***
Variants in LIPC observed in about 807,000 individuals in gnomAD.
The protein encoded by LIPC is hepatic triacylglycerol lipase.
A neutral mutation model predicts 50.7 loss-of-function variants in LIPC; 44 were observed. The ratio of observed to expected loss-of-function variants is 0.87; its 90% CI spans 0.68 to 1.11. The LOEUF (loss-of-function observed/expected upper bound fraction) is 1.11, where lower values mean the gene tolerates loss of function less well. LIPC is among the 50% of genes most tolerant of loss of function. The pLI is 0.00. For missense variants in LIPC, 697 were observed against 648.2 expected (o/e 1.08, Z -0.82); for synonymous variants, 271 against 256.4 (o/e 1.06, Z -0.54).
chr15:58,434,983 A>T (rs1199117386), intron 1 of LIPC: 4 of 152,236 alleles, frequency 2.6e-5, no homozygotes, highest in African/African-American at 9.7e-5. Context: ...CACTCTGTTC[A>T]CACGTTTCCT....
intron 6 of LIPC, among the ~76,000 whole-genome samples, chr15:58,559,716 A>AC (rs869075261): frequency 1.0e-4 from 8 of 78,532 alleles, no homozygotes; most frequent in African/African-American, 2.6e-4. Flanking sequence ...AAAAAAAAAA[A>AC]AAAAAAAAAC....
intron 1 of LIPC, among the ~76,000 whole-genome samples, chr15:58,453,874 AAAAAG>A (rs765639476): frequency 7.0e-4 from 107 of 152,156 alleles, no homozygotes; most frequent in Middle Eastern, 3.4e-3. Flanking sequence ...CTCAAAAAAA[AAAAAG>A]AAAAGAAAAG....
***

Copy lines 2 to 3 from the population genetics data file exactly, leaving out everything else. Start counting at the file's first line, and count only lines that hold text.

The protein encoded by LIPC is hepatic triacylglycerol lipase.
A neutral mutation model predicts 50.7 loss-of-function variants in LIPC; 44 were observed. The ratio of observed to expected loss-of-function variants is 0.87; its 90% CI spans 0.68 to 1.11. The LOEUF (loss-of-function observed/expected upper bound fraction) is 1.11, where lower values mean the gene tolerates loss of function less well. LIPC is among the 50% of genes most tolerant of loss of function. The pLI is 0.00. For missense variants in LIPC, 697 were observed against 648.2 expected (o/e 1.08, Z -0.82); for synonymous variants, 271 against 256.4 (o/e 1.06, Z -0.54).